On the most superficial level, an iconic character needs to look consistent and be recognizable enough that even people with only a passing familiarity with the character themselves. In this case, one should always be able to look at a comic cover, movie box art, or just any image with a green-haired clown donned in purple and say: “That’s the Joker.”

For the most part (sans unbelievably corny tattoos), Suicide Squad gets that right at least.

2) The Joker makes jokes.

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If the “Clown Prince of Crime” wasn’t clown themed at all, and therefore wasn’t expected to try to be ‘funny’ (albeit sadistically) while committing crimes, then there’s no point in even making an attempt at the character.

Now, you’ll notice that I said he “makes jokes“, not “he is funny“. It’s an important distinction to make, because not every Joker is a comedian. Sure, Hamill and most other animated renditions of the character crack wise all the time, but a lot of those jokes are motivated, or at least grounded, by the fact that they are in cartoons meant for children or that they were made for a lighter-hearted context. But then there are Jokers like Ledger in The Dark Knight or DiMaggio in the animated movie Batman: Under the Red Hood – the latter interpretations set the modern standard of a grittier, more ruthless, more unhinged Joker. Both of these Jokers make “jokes”, but they aren’t specifically meant for laughs; the delusional, freeing joy of the character’s lack of morality conveyed through disturbing humour, contrast with his dark and violent tenacities. It’s a dynamic that portrays the Joker’s complete psychopathy and lack of connection with anything resembling human empathy – the jokes make him more of a monster (though the shock value of the jokes sometimes does indeed make them funny even within their grim context, such as Ledger‘s iconic “pencil trick“).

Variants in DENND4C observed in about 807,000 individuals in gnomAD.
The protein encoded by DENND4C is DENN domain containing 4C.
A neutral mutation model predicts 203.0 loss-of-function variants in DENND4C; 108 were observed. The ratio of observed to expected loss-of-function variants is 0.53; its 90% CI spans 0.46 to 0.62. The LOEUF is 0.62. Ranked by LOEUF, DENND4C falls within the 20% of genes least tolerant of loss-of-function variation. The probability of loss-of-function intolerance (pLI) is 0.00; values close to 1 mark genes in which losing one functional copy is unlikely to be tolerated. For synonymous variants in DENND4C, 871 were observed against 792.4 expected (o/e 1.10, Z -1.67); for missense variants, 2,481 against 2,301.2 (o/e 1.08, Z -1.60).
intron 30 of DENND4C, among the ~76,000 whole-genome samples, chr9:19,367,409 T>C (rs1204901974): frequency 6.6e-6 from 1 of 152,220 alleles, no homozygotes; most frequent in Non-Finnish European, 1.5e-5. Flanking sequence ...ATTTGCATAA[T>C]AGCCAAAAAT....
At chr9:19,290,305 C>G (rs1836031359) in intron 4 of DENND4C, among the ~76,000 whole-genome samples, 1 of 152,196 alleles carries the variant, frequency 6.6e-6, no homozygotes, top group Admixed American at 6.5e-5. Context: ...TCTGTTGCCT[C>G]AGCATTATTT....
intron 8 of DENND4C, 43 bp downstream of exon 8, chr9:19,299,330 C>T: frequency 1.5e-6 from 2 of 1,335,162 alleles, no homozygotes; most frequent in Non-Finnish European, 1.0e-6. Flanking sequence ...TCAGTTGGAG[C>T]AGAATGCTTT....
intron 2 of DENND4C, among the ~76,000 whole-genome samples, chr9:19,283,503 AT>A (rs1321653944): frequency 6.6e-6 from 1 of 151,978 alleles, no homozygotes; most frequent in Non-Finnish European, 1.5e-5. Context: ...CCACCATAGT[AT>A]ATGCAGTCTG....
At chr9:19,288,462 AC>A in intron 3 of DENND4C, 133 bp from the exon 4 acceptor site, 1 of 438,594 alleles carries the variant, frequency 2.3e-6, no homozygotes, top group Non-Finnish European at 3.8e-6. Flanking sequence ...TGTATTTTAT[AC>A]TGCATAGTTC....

It’s here where we begin to see Leto‘s portrayal break down.

The Joker in Suicide Squad does make jokes… kind of. It’s more appropriate to say that he makes vaguely menacing innuendos and speaks with a weird voice and cadence. None of these moments land, in terms of humour or informing the character. There are Internet jokes about how Leto‘s Joker is ‘2edgy4me‘ or a ‘try-hard’. While somewhat reductive and simplistic, these criticisms do actually point to a larger truth: Leto, or someone else in the movie, didn’t understand the Joker. Sure, he emulates the surface elements of the character, but those elements are just there with no motivation or character. Leto didn’t seem to understand that the Joker doesn’t make these jokes to appear menacing, he just is menacing because the jokes punctuate his actions and presence. And when the Joker isn’t trying to be menacing, he makes jokes to amuse himself, laughing at his own jokes and perceived witticisms. Again, we see that Leto‘s Joker laughs not because he’s amused with his own deranged lunacy, but because, like laying amidst hundreds of articulately placed knives or giving his cast-mates anal beads, “that’s just what crazy people do, right?”